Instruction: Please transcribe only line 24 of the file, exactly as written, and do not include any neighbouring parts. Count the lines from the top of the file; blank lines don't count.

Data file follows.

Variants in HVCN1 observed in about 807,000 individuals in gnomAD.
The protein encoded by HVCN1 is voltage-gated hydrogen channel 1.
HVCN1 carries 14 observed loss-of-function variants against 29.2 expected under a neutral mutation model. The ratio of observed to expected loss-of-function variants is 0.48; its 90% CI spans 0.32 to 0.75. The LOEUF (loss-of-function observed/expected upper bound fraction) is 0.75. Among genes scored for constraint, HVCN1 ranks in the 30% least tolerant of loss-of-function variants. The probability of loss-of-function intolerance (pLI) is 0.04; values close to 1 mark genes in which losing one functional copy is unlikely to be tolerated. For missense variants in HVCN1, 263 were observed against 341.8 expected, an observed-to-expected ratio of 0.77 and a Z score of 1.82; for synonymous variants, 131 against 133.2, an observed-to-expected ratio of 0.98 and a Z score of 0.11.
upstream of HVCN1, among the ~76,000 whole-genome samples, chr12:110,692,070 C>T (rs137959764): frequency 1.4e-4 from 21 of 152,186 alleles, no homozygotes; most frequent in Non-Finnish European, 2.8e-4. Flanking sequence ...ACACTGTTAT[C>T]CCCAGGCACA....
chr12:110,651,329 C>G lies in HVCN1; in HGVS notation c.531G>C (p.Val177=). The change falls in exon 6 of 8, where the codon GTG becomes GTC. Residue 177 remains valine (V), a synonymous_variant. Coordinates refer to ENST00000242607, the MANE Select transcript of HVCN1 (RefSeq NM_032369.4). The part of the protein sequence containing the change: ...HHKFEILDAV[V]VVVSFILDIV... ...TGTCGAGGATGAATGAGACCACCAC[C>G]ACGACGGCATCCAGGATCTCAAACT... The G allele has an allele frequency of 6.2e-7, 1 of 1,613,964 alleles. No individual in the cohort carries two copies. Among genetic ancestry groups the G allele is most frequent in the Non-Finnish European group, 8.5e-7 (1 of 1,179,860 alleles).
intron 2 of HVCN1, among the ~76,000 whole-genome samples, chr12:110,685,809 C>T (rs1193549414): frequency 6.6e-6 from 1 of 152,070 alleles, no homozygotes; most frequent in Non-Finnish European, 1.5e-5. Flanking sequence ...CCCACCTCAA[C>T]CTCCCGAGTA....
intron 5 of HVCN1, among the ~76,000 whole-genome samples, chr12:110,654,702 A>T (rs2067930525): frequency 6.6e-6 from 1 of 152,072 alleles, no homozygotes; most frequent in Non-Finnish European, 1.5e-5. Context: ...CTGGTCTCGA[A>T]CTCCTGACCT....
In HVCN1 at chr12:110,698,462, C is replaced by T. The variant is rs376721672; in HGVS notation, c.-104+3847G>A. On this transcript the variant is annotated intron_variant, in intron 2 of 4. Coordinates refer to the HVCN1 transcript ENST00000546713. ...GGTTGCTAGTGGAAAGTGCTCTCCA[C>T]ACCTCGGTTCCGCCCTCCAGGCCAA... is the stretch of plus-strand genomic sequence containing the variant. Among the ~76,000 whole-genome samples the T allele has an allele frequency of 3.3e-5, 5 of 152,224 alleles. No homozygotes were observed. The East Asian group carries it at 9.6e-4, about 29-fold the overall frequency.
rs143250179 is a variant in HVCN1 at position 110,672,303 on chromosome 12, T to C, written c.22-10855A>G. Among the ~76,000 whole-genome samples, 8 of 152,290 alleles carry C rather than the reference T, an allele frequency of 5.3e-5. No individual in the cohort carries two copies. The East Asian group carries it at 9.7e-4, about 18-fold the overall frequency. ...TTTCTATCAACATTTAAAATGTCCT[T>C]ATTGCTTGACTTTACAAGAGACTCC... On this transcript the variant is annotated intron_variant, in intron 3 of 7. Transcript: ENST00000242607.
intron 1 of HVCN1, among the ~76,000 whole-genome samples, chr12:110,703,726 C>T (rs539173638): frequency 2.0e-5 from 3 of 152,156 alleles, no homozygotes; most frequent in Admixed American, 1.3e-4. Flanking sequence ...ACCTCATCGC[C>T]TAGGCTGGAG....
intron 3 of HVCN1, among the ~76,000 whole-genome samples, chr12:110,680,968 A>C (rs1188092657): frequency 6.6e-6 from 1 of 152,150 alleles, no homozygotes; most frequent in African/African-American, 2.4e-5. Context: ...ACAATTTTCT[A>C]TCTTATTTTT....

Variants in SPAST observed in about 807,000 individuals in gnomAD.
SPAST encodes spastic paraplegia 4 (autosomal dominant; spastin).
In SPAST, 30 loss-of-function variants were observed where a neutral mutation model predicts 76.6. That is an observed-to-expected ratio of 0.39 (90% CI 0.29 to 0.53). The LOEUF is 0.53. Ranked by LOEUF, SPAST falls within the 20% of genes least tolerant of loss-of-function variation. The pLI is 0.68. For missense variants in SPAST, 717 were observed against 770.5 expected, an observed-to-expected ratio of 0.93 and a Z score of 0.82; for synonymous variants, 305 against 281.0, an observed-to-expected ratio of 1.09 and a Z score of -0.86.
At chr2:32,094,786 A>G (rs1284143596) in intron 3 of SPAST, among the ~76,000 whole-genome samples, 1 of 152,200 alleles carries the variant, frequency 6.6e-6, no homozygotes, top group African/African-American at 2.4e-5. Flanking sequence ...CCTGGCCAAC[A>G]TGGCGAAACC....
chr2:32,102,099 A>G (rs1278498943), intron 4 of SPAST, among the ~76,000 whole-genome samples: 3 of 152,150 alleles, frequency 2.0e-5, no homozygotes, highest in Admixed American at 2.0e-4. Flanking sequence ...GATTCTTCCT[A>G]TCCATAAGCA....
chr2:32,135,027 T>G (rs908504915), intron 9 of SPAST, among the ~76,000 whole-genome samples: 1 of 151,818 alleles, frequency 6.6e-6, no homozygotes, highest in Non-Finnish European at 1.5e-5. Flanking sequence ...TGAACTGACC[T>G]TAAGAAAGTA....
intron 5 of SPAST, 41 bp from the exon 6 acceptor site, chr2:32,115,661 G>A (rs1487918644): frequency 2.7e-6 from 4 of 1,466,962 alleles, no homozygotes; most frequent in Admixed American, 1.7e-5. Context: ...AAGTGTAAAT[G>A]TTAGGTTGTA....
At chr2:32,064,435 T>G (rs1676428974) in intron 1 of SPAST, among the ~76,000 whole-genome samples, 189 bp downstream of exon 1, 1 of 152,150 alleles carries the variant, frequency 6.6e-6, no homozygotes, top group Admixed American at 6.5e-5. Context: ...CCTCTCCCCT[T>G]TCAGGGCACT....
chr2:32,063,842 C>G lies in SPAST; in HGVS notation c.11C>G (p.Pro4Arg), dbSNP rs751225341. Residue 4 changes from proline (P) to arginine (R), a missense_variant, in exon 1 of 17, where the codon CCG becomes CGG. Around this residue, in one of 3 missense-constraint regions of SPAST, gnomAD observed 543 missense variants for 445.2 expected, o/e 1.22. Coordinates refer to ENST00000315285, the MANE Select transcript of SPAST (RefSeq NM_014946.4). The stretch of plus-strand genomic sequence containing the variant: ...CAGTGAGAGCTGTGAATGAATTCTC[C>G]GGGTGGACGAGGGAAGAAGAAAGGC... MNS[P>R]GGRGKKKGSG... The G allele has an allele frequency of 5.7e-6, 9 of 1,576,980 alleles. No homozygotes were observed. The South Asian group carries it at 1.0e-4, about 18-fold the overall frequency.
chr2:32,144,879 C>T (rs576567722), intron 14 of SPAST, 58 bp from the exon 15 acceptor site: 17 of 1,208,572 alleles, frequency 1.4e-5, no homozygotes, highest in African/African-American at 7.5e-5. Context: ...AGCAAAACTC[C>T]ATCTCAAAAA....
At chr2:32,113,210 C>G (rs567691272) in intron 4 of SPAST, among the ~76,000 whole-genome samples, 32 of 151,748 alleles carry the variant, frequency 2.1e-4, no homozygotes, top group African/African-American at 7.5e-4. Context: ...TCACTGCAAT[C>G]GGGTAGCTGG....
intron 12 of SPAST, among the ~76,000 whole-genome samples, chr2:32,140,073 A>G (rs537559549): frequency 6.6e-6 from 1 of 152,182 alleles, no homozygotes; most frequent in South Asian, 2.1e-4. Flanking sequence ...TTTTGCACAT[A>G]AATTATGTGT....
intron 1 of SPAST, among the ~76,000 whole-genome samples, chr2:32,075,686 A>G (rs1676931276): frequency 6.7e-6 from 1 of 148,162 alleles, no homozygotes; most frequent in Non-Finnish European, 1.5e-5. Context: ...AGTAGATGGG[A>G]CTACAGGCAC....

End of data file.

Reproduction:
intron 1 of SPAST, among the ~76,000 whole-genome samples, chr2:32,075,686 A>G (rs1676931276): frequency 6.7e-6 from 1 of 148,162 alleles, no homozygotes; most frequent in Non-Finnish European, 1.5e-5. Context: ...AGTAGATGGG[A>G]CTACAGGCAC....